….Justice Minister Urges Police To Be Neutral
By Necus M. Andrews
Officers of the Liberia National Police and other personnel of the joint security forces in Liberia have been cautioned to guide the process leading to the pending October 10 elections with neutrality.
Justice Minister Frederick Cherue said guiding the electoral process is vital because the country is still charged with attitudes of the war days.
Minister Cherue said while it is true that Liberia is enjoying an uninterrupted peace for nearly 12 years now, the anxiety for quick results is still being manifested in the country, especially by young people.
Cllr. Cherue said such anxiety can only be controlled by a trained state security force with crisis management skills.
The Attorney General of Liberia was speaking Wednesday at the National Police Training Academy in Paynesville at the closing ceremony of Elections Security and Crisis Management workshop.
He told the joint security personnel to hide whatever interest they may have in the elections and perform impartially because they are the gatekeepers for a violent free process.
According to Cllr. Cherue, violence is an obstacle to the conduct of free, fair and transparent elections. He observed that it takes a non-partisan and unbiased state security to make the country stable and peaceful especially in such crucial elections.
Minister Cherue assured that the 2017 elections will be conducted peacefully with the presence of prepared security. The Justice Minister called on citizens to embrace non-violent approach.
“If the Liberian people want peace, than they must follow the rules set up by the National Elections Commission. The attitudes of war still here, and you have the power to ensure a peaceful transition,” Cllr. Cherue said.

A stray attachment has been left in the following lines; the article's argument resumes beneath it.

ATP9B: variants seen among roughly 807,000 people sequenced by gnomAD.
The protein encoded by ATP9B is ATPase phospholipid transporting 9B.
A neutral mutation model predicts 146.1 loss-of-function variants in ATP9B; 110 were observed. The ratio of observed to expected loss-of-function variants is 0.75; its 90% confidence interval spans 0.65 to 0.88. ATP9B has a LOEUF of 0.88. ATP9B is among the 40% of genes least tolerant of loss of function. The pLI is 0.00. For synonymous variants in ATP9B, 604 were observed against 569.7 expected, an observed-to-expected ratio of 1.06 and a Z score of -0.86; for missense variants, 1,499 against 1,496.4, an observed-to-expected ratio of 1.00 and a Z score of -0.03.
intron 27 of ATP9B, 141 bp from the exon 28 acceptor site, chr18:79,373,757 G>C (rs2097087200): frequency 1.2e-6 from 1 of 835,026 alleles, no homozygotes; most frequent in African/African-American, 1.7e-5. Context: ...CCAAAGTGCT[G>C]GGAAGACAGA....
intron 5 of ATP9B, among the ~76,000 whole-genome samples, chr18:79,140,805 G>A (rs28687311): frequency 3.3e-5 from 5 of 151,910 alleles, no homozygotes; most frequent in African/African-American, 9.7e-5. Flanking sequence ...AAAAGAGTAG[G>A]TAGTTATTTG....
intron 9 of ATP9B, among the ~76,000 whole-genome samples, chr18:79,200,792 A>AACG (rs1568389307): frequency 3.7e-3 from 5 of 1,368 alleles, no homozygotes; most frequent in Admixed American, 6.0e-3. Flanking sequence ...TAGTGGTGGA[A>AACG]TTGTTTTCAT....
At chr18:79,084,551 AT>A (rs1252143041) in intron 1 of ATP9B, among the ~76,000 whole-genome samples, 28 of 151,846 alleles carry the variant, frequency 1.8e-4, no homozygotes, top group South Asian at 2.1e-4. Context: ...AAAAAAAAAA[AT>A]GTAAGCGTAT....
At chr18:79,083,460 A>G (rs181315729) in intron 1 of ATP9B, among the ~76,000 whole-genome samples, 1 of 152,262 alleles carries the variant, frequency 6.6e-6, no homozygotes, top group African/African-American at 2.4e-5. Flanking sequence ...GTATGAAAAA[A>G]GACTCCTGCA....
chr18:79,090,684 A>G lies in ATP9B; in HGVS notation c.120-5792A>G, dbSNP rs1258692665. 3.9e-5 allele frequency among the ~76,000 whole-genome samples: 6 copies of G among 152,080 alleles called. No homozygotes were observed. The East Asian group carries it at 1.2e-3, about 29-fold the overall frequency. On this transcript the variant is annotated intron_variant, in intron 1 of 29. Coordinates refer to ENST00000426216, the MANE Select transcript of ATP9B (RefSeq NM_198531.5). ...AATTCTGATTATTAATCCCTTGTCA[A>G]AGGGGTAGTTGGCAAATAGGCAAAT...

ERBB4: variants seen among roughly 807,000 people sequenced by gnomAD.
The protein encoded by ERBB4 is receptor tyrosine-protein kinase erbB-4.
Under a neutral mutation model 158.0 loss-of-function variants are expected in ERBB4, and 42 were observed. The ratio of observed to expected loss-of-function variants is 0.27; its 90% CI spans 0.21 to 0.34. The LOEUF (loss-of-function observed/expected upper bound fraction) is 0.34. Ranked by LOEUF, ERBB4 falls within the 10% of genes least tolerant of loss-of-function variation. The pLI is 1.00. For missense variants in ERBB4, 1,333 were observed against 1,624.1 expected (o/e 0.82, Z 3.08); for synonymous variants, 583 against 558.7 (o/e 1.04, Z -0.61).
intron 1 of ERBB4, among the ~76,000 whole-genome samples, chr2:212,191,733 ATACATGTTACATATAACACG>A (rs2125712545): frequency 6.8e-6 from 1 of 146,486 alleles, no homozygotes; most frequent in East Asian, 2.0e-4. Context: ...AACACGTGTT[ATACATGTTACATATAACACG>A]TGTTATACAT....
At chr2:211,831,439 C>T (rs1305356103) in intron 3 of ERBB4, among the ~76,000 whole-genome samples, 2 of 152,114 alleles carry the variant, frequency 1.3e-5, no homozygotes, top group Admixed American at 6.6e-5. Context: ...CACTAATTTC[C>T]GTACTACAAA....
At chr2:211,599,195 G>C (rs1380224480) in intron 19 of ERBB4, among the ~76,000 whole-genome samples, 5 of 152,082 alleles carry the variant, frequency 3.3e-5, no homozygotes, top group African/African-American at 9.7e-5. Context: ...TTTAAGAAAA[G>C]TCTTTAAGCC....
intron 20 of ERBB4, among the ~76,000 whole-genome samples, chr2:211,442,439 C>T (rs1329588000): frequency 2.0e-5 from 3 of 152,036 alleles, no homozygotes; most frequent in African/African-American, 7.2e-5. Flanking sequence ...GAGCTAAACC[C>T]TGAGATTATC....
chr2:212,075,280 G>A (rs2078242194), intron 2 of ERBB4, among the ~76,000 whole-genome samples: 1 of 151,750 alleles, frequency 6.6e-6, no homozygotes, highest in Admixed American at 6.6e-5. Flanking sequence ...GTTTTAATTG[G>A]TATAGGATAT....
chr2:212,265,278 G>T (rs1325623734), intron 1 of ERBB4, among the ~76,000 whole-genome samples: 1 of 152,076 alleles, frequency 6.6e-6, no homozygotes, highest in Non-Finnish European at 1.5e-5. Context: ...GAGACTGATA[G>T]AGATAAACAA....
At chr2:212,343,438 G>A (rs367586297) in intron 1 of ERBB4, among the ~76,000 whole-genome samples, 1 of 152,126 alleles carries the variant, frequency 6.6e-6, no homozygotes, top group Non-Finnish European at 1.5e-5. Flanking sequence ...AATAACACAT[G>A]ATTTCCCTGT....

Cllr. Jerome G. Korkoya, Chairman of the National Elections Commission (NEC), who also attended the closing ceremony, said the training of joint security personnel is timely.
“We will deliver nothing less than free, fair and transparent elections; this is our obligation,” Cllr. Korkoya said.
The NEC boss said the conduct of the 2017 elections will entail a number of critical issues such as complaints from candidates, who may feel that the level playing field was not created.
“We are going to elections where we have 20 presidential candidates and 986 candidates for 73 electoral seats. We are all aware that 913 persons will not win for the House of Representatives-so these people will raise a number of critical issues such as the late opening of polling places. The timely opening of polling places will depend on the commitment of police officers to arrive on time,” Cllr. Korkoya said.
Police Inspector General, Gregory Coleman, urged his men to do everything possible so that the police will not be blamed for fueling violent.